Nicolas Malleville, a six-foot-two, sandy-haired model, has shown the world nearly every part of his chiseled physique. For Burberry he posed with Kate Moss, his unbuttoned shirt exposing a sculpted chest. In a Tod’s campaign he flaunted his buff arms and well-manicured nails while tracing model Anja Rubik’s navel. And through his editorial work here and in Europe, the public has been treated to pictures of him in bathing suits and tight trousers. But there’s a part of Malleville’s body that even the most voracious magazine readers haven’t seen—one that casts him in a surprising new light.
No, naughty readers, it’s not what you’re thinking. The area in question is his left ankle, which bears a simple tattoo of a palm tree. “When I was a child, I used to sit in the square of my little town and stare up at the palm trees and dream about the beach,” says Malleville, who grew up in the landlocked Pampas region of Argentina. “Palm trees are the most beautiful trees in the world. They represent paradise to me.” And now, at 32, the model is living out his childhood fantasies, spending most of his time amid the sand and palms of Mexico, where he’s building a mini hotel empire. Just five years in the making, his brainchild, called Coqui Coqui, already includes two chic hotels and spas (with a third on the way), as well as a perfumery, a café and a store. One might call him the André Balazs of the Yucatán Peninsula. Just don’t tell him that.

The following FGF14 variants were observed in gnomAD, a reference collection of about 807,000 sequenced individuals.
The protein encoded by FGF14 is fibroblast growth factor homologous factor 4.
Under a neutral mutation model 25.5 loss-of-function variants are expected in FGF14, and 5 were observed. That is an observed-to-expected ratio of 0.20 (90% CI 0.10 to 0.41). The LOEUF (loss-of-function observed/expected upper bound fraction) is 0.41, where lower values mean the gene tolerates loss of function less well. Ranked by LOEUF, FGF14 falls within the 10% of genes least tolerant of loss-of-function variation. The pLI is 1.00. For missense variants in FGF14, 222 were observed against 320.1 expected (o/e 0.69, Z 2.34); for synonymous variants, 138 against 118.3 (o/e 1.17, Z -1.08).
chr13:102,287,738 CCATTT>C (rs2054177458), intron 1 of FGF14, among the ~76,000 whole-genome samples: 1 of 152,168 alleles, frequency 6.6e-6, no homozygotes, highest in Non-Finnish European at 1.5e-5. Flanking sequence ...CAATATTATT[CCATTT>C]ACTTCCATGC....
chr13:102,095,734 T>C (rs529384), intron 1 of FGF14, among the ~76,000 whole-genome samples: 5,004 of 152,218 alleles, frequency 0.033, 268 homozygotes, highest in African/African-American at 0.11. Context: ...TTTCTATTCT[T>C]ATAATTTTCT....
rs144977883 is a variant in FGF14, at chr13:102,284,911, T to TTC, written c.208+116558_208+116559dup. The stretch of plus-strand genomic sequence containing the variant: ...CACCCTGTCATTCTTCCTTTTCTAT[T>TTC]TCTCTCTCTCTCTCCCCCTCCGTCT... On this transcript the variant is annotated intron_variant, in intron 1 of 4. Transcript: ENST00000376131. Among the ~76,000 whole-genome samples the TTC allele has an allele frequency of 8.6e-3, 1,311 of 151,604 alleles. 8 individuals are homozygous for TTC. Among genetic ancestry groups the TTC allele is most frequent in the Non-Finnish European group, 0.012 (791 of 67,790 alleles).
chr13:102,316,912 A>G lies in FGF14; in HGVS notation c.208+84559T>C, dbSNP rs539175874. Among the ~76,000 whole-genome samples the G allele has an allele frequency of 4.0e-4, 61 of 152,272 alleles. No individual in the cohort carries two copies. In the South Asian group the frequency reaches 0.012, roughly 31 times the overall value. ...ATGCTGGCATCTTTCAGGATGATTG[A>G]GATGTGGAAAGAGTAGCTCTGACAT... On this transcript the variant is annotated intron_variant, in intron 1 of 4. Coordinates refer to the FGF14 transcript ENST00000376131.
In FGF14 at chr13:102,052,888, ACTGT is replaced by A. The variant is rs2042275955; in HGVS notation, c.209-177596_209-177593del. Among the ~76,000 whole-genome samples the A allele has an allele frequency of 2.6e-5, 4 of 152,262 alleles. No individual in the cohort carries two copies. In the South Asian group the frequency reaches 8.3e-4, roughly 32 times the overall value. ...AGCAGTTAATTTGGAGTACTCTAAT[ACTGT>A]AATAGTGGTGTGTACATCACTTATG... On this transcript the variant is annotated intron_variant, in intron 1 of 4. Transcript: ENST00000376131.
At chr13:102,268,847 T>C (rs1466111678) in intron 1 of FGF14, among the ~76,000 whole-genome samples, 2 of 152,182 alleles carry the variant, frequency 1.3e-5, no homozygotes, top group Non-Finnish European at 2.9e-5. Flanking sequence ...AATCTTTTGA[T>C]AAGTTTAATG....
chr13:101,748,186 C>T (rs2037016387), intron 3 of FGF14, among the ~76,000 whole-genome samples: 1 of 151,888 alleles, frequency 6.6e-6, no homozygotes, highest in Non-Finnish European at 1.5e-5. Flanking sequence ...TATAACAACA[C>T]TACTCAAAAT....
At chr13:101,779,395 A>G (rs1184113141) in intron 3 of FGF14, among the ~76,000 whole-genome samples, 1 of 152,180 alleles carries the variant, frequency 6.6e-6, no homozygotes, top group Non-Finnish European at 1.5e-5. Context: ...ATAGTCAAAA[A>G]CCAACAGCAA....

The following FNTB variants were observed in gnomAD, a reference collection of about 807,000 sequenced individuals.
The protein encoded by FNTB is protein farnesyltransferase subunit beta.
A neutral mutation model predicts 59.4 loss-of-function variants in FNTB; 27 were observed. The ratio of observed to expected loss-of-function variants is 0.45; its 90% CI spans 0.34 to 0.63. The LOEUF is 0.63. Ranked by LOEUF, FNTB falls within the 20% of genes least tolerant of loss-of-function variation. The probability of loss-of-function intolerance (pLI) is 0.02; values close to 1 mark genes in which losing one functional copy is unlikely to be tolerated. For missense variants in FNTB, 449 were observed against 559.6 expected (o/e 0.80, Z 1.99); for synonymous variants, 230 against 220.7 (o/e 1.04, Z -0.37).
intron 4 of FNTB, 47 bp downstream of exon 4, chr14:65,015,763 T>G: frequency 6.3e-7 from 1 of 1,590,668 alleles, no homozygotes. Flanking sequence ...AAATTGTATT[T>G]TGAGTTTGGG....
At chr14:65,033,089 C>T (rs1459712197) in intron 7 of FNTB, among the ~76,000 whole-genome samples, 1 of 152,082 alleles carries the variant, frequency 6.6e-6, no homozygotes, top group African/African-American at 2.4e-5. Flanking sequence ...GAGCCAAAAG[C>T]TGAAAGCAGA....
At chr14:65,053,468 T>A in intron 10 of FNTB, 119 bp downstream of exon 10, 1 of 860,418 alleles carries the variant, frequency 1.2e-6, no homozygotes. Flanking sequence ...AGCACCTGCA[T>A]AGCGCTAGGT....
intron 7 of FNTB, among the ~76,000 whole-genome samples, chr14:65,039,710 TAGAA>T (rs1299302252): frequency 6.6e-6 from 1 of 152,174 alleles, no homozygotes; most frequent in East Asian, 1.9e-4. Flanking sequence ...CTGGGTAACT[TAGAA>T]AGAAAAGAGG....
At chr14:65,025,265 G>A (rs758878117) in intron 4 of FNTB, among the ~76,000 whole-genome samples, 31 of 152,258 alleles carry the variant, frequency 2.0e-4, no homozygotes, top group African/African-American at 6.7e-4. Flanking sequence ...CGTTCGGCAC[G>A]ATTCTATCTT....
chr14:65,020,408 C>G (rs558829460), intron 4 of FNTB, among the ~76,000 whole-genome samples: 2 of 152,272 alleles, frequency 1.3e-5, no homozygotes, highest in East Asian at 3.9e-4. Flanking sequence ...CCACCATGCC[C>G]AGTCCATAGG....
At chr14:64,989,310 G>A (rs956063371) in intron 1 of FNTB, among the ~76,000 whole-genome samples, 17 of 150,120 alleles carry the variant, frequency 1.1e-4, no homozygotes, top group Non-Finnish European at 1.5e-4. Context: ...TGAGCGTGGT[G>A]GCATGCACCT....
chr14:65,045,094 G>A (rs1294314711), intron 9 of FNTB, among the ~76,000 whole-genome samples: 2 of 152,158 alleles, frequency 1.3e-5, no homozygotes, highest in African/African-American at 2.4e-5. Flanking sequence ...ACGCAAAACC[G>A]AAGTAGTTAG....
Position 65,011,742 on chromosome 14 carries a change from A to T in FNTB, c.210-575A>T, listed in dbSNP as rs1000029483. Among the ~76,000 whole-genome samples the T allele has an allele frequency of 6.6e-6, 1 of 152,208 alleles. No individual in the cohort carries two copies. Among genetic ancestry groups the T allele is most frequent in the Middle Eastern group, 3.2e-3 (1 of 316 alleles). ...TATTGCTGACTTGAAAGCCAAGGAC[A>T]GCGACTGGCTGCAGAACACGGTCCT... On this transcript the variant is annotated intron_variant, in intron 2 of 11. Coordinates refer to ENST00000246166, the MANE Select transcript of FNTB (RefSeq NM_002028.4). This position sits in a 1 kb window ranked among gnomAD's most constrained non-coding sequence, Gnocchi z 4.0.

“The funny part is that I never wanted to be a hotelier,” says Malleville with a laugh. “I just wanted my dream house on the beach.” Wearing a white cotton shirt and seersucker pants, he’s sitting in the breezy wood and stucco lobby of his beachside hotel in Tulum, which he originally built as a getaway for himself in 2001. He started hosting paying guests at the property—his friend Jade Jagger was his first client, in December 2003—because “taking care of a big house is expensive. And I wanted more than just one.”
Like his other hotel and spa—about a 90-minute drive northwest, near the Mayan ruins of Coba—Coqui Coqui Tulum is a tiny, rustic-chic property with only seven rooms and resembles a private residence more than a resort. Malleville’s girlfriend, Francesca, his sister Coni, his cousin Julieta and his childhood nanny, Silvy, are the main staff members, creating an intimate, familial atmosphere. All guest rooms have plush bedding, hand-carved stone bathtubs and traditional Mayan hammocks. It’s the kind of place that feels a million miles away from civilization: The entire operation is run on 12 volts of energy from solar panels on the thatched roofs; cell phone reception is dodgy at best; and guest rooms have no Internet access, air-conditioning or electrical outlets.